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Deviation of the Eyes – How Much is Too Much?


3 min


Deviation of the eyes

How much eye deviation is considered acceptable, and when does it become a cause for concern? In this blog post, we’ll explore the fascinating world of eye movement and delve into the question of how much deviation is too much.

Normal Eye Movement

In a typical scenario, our eyes move smoothly and symmetrically. When we engage in a conversation or interact with our environment, our eyes naturally shift to focus on different points of interest. Normal eye movement involves a combination of:
saccades (rapid jumps between fixation points),
pursuits (smooth tracking of moving objects),
– and fixations (pauses on specific points).

What is Deviation of the Eye

Eye deviation refers to any noticeable misalignment or asymmetry in the movement of the eyes. This can manifest as one eye moving differently than the other, a wandering gaze, or involuntary eye movements that disrupt normal coordination. Deviation can be subtle or pronounced, and it may occur intermittently or persistently.

Family Ocular History

When starting examining visual system at the eye care specialist it is very important to start with anamnesis. It is one of the most important starting points of the thorough eye exam. The chance that an anomaly is found is often connected to the family ocular history.

For example, if a parent used to occlude one of the eyes as a child and at the exam they are not sure which eye they had to occlude, it is most probably that the occluding therapy was successful.

Occluding is needed when one eye deviates from the ideal axis in regard to the other eye. The most common eye deviations are when one eye is inclined towards the nose – nasally (ESO deviation) or outwards – temporally (EXO deviation). The less common deviation is vertical, however, it is more symptomatic. 

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Understanding Deviated Eyes and Deviation Intensity

The deviations are categorized in the intensity of the deviation or measured by the angle or prism dioptres. The visual system is so advanced that even in cases when the two eyes are not aligned ideally, the picture on the retina and therefore in the visual cortex is perceived as one. 

The problem occurs when one eye is declined to such extent that the pictures projected of the two eyes on both retinas are not merging and are not perceived as one when double vision kicks in.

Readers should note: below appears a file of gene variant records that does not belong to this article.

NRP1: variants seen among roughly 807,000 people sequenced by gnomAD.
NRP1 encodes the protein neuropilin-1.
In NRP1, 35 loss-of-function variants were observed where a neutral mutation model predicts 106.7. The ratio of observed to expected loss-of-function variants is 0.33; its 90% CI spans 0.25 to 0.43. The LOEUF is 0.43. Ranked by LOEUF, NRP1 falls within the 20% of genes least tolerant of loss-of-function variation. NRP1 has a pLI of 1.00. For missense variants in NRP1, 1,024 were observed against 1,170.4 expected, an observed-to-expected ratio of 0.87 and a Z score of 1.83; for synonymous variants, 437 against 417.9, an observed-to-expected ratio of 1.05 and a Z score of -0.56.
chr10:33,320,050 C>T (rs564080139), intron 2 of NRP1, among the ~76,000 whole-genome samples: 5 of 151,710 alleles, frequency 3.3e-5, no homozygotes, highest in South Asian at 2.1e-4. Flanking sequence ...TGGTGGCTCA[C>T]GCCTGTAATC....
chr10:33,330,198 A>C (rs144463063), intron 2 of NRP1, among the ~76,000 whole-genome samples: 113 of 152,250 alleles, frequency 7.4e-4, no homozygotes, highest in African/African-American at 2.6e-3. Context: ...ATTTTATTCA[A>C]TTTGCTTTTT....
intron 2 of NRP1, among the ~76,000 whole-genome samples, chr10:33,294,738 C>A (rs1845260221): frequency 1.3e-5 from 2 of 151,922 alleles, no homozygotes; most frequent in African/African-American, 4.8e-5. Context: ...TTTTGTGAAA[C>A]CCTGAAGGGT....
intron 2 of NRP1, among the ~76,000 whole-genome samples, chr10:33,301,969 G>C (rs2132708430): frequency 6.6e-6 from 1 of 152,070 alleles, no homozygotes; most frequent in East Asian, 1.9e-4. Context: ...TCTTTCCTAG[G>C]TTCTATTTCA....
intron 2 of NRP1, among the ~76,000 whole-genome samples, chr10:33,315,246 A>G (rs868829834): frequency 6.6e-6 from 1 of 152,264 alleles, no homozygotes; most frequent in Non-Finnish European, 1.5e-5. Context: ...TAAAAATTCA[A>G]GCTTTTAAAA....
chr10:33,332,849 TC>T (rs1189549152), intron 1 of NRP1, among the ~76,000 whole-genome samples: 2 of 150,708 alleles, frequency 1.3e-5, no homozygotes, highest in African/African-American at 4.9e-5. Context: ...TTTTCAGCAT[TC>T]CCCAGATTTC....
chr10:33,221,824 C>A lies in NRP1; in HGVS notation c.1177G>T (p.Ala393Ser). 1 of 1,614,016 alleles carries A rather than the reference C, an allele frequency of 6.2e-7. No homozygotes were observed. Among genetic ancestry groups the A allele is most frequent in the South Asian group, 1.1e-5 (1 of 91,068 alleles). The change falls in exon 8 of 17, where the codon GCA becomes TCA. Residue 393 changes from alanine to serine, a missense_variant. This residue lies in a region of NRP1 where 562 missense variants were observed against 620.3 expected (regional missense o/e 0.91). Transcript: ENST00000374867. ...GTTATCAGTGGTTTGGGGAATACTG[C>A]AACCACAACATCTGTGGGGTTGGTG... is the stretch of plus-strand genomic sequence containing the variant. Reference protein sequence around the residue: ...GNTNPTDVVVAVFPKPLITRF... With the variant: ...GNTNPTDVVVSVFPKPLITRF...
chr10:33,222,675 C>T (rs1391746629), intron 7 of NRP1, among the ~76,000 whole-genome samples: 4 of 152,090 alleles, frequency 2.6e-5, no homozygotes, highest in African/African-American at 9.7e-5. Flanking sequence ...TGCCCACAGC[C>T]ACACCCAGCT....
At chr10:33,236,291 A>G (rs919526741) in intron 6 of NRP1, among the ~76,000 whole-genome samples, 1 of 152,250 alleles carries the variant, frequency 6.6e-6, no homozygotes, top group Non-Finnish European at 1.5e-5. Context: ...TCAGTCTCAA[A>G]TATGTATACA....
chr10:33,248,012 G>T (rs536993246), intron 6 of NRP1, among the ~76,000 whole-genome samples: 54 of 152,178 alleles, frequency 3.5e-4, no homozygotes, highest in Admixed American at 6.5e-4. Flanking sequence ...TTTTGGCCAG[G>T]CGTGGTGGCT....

When the image on the retina is projected on the corresponding points on the retinae, the vision is then comfortable and single with the presence of stereopsis (depth perception). If the angle of declination is too big, then the single image is not possible. In this case, the visual system neglects the image that is declined in regard to the other to perceive only one single image.

So is there no problem anymore? When suppressing one eye, what is the most common result in the development stage of the vision (e.g., between 3 and 8 years of age)? The deviations are very difficult to recognize. Small deviations are normal and acceptable.

DIY Eye Deviation Check

We know a few ways how to recognize bigger deviations on our own. With the Cover-Uncover test, we might find out some deviations. The procedure is as follows:

  • Find an occlude in the shape of a small racket (e.g., a wooden spoon).
  • The test person is focused on an object more than 6 meters away (e.g., a door handle).
  • Start the test by covering one eye (with an occluder) and precisely observing the unoccluded eye if there is any deviation.
  • Proceed with covering the second eye and again precisely observe for any deviations.
  • Repeat these steps a few times to be certain.
  • If there is no deviation, the test is negative, so there is no obvious error or anomaly.
  • If the eye is declined nasally, inwards, then we get the EXO deviation; in case of declination temporally, outwards, then we get ESO deviation.
  • The same test can be done at near also, for the target, get something small (e.g., a pencil top).

In case of uncertainty or bigger declinations, we suggest you visit an eye care specialist for further and more thorough testing.

Frequently Asked Questions

How are eye deviations categorized?

Deviations are categorized based on the intensity measured in angles or prism dioptres, helping understand the severity of misalignments in the visual system.

Can the visual system compensate for misalignments between the eyes?

Yes, the visual system is advanced enough to merge images on the retina, providing a single and comfortable vision. However, significant misalignments may lead to double vision or suppression of one image.

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